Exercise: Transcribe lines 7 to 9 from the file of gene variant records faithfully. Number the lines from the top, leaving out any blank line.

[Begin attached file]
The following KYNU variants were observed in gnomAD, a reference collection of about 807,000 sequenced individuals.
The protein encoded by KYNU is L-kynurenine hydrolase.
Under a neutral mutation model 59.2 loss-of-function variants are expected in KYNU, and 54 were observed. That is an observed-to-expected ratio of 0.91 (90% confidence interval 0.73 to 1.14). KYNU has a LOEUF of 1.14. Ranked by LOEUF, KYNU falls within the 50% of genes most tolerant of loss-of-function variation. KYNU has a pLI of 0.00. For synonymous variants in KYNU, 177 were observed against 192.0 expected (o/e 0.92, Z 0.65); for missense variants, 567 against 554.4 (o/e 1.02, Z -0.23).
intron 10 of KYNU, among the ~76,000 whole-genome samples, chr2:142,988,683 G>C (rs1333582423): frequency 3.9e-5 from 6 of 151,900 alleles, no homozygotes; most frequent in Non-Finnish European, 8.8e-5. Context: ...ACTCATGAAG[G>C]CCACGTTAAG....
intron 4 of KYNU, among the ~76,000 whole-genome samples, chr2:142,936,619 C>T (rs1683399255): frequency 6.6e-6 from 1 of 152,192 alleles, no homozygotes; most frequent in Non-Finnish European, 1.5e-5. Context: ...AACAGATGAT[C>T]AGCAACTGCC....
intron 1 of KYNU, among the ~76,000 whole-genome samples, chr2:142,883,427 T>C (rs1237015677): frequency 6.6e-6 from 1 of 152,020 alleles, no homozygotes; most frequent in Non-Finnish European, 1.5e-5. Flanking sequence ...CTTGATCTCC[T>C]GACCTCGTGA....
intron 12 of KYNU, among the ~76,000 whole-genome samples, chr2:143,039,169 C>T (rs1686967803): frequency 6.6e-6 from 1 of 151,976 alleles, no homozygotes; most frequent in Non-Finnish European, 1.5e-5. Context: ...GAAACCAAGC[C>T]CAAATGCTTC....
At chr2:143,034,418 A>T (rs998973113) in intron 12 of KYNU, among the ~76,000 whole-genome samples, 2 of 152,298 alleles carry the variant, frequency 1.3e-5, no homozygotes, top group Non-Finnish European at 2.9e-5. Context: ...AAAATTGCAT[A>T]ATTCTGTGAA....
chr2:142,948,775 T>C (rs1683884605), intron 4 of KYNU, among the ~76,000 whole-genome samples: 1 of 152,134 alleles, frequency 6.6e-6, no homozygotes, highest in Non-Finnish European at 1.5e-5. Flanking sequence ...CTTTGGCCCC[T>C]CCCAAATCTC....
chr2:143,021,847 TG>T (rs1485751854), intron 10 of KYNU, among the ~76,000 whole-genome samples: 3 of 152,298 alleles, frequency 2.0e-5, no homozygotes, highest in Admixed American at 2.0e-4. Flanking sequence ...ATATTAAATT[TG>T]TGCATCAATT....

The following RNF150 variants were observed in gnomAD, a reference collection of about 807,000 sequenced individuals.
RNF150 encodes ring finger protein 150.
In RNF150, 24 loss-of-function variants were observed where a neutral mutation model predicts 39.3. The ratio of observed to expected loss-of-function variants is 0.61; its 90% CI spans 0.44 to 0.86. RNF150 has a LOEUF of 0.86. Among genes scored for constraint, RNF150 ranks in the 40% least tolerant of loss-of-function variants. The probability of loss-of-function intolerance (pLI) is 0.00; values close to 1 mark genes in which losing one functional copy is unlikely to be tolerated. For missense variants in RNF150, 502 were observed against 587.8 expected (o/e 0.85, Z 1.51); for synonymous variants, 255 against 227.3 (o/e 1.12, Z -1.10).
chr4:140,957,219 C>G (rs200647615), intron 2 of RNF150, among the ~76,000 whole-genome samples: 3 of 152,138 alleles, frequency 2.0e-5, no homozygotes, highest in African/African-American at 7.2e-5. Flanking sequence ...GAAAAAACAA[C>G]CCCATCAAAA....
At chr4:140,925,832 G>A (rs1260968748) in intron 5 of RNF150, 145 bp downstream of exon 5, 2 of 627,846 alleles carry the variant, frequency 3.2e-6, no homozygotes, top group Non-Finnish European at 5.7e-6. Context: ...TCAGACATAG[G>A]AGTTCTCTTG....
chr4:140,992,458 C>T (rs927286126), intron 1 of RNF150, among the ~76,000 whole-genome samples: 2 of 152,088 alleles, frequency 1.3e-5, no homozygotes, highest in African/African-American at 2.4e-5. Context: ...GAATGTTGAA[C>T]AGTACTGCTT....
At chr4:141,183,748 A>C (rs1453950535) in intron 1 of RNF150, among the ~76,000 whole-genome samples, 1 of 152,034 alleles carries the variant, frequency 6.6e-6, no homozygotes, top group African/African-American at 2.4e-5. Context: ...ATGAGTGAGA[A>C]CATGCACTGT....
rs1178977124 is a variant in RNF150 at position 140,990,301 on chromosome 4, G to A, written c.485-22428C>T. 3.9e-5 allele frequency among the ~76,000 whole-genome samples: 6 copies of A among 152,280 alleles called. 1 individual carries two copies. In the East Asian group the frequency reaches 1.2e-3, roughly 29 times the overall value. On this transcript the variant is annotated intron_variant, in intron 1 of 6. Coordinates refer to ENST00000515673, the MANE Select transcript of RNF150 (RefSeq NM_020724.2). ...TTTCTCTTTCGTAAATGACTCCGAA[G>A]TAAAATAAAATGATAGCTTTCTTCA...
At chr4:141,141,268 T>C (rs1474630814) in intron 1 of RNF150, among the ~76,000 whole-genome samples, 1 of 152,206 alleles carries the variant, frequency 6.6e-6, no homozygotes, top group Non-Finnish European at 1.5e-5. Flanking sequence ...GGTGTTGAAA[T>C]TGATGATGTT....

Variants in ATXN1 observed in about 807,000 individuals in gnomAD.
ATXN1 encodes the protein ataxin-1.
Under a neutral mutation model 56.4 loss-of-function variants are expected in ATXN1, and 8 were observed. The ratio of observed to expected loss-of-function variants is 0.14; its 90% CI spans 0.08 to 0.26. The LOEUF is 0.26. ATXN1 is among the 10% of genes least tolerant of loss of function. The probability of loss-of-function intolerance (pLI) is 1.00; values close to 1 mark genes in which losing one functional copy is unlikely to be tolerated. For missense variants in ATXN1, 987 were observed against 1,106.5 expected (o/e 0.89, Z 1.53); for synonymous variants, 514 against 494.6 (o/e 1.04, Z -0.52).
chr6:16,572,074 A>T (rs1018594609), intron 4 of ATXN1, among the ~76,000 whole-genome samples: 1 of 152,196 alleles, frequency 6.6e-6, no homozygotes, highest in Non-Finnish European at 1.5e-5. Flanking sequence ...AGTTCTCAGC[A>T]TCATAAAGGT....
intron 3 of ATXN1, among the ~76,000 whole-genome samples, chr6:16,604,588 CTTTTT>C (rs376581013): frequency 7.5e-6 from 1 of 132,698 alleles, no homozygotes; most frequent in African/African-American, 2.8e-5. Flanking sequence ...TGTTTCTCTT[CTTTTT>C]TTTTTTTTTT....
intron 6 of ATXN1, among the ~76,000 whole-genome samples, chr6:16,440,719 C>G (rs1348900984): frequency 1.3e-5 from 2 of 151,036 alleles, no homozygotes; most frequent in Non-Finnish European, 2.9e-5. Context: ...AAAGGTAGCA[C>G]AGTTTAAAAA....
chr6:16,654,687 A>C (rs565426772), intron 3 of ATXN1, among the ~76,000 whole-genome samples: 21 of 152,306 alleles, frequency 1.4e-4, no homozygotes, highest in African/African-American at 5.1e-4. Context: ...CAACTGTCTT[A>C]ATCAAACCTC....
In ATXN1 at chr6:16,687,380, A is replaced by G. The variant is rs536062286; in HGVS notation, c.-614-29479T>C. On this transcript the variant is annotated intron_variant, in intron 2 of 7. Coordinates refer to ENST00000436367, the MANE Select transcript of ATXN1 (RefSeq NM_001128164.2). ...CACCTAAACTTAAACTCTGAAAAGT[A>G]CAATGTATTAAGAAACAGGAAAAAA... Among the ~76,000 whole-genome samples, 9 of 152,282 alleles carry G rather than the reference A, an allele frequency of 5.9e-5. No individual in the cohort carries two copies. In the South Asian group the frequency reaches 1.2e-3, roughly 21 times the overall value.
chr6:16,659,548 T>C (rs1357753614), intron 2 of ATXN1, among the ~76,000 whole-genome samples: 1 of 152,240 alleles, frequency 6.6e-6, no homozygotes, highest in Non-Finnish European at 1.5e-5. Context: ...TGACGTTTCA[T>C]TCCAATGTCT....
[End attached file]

intron 12 of KYNU, among the ~76,000 whole-genome samples, chr2:143,039,169 C>T (rs1686967803): frequency 6.6e-6 from 1 of 151,976 alleles, no homozygotes; most frequent in Non-Finnish European, 1.5e-5. Context: ...GAAACCAAGC[C>T]CAAATGCTTC....
At chr2:143,034,418 A>T (rs998973113) in intron 12 of KYNU, among the ~76,000 whole-genome samples, 2 of 152,298 alleles carry the variant, frequency 1.3e-5, no homozygotes, top group Non-Finnish European at 2.9e-5. Context: ...AAAATTGCAT[A>T]ATTCTGTGAA....
chr2:142,948,775 T>C (rs1683884605), intron 4 of KYNU, among the ~76,000 whole-genome samples: 1 of 152,134 alleles, frequency 6.6e-6, no homozygotes, highest in Non-Finnish European at 1.5e-5. Flanking sequence ...CTTTGGCCCC[T>C]CCCAAATCTC....